You creep up to the enemy fortress stealthily, eliminating guards on the way with well placed silenced headshots. Just as the front gate comes into view, a sentry spots you and sounds the alarm. The entire fortress lights up and you run for a vantage point as hordes of enemy soldiers stream out and stand in the open, waiting for you. At first you gain the upperhand by skillfully headshotting dozens of them, but your ammo starts to dwindle as they quickly replace their casualties with even more soldiers rushing out of the fortress. You pull out your machine gun and charge for the gate while mowing down whatever gets in your way. During this massacre you stop to reload behind a pile of sandbags. Okay, good to go - you jump out to finish them off - but to your surprise every soldier has turned around, running back inside the fortress. What happened??
What's wrong with modern FPS AI??
In most shooters these days, enemy movement and spawning is completely controlled by triggers, so enemies are unable to take cover or maneouvre intelligently. They just spawn and move to a scripted position. If they live long enough, they move to the next scripted position when the player reaches the next trigger. The problem with this is that it cripples even the best AI and it's a an extremely tedious job for level designers to script and test every possible position enemies should move to in response to every possible position the player can take.
(Here's a youtube video illustrating that problem in Battlefield 4's campaign. The level designers didn't anticipate the player would rush with a shotgun, so they didn't script the soldiers to take cover or retreat properly - notice how awkwardly they move, and "take cover" behind objects the wrong way. This is a serious flaw with the way most games rely on scripting over AI. I don't mean to take cheap shots at BF4, I'm actually a huge fan of the series. )
Okay great, how will your game deal with this?
As a 1 man team doing both programming and level design, it would also be completely unfeasible for me to even attempt to script AI this way (for example, the player enters this room, these bad guys should flank here, these bad guys take cover here - it would take months to script each gunfight). So the solution is to create a very flexible and autonomous enemy AI that doesn't need hand holding and micromanagement, while responding to the player's actions in a believable way.
In this encounter, the enemies try to defend this "building" from the player - falling back, taking cover and flanking when appropriate. There is 0 scripting - I just set the zones for the AI to try to defend, and they'll do their best following a lot of AI decisions. This is actually very difficult for AI to do (since it's such an abstract task - usually game AI just has simple scripts like move to this position, look at this position etc) and outside of milsim games I've actually never seen a system like this before.
The truth is, even in the demo from last February, there was no scripting whatsoever (triggers were only used to spawn AI), so everything you saw there was purely AI. Even now there exists no system to force the AI to do anything, and I don't plan to implement one because it isn't necessary.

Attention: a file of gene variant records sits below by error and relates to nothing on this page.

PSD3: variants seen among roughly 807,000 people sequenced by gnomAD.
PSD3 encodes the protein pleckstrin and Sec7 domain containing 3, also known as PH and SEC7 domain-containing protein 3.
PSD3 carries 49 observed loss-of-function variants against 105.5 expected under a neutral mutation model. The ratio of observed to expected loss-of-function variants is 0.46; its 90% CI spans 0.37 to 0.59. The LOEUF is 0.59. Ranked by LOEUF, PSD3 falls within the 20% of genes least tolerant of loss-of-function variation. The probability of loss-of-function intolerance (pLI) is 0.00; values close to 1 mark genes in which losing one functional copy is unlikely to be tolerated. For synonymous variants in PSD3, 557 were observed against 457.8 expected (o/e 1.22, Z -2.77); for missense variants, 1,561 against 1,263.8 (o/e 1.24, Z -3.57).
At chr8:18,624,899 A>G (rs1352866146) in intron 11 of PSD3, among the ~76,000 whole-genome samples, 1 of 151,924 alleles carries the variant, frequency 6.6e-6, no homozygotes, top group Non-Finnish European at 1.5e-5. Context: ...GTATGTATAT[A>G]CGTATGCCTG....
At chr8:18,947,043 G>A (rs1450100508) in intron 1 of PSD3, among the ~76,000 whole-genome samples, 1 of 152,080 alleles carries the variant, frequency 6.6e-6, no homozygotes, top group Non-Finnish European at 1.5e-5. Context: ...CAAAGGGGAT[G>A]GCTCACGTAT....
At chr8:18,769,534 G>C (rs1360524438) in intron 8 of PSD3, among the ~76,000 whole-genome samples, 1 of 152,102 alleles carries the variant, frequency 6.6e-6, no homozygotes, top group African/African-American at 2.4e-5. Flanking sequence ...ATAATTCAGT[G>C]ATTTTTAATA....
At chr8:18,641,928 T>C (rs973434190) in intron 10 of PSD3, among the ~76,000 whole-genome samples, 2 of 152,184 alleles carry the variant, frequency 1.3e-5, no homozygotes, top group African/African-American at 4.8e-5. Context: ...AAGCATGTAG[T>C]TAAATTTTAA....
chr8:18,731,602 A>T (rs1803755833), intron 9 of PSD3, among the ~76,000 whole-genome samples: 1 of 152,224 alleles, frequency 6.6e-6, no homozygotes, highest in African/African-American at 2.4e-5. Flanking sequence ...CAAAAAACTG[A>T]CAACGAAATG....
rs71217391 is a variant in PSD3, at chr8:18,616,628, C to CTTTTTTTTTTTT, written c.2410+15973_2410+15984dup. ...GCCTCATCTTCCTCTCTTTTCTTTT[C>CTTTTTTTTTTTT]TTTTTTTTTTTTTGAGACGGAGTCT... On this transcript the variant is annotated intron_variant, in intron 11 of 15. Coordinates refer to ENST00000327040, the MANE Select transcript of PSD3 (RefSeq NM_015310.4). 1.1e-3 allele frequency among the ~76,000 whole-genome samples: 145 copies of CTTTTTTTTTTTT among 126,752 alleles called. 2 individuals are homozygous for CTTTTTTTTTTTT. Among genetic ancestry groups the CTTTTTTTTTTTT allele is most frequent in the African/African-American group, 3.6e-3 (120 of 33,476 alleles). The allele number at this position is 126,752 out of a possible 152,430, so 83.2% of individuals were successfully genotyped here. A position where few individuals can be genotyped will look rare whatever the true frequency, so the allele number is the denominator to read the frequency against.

Here's a stress test, where a ton of AI assault/defend (right side defend, left side assault - the black spheres are defend zones, red spheres are assault zones). No scripting or triggers - the AI tries to assault/defend their zones, but retreat, take cover, flank etc when they deem necessary.
This is some cool tech, but what does this mean to me, the player?
There's three main benefits I can think of:
- Encounters are more open and dynamic, since AI will always react dynamically to whatever you do, and environments can be any size and your enemies will behave intelligently with it
- This game will be finished in a realistic time frame, not requiring months to script every battle
- No weird AI bugs/stupid behavior where enemies take cover facing the wrong way, charge your position in a straight line etc
Here's some examples of me just playing through the same test map with the same AI. Notice how the AI reacts against me - falling back when I'm aggressive, but trying to counterattack when I'm being passive.
Also... Stun animations!
Enemies have a chance of being "stunned" by damage, and with melee and explosions it's 100%. There was no animation for this before so enemies would just stupidly stand in place while they were "stunned". Now it's obvious with an animation, and playtesters are always happy to finish off stunned enemies :)
Coming up next...
As you probably know, "Trepang2" was a temporary placeholder name. A proper name and logo have been decided on and are in the works, so look out for the next time! Also perhaps some details on the story and setting ;)
Last but not least... funding
This project is totally funded by me, and it's not cheap! (I spent over $1000 USD last month on software!). I won't even think of doing crowdfunding or early access or anything like that, at least not until the game is mostly finished. Currently my only income is doing contract work for other game developers. I do programming but also 3d stuff, so if you'd like to hire me or know of someone who'd like to, my portfolio is here: Frosttree.ca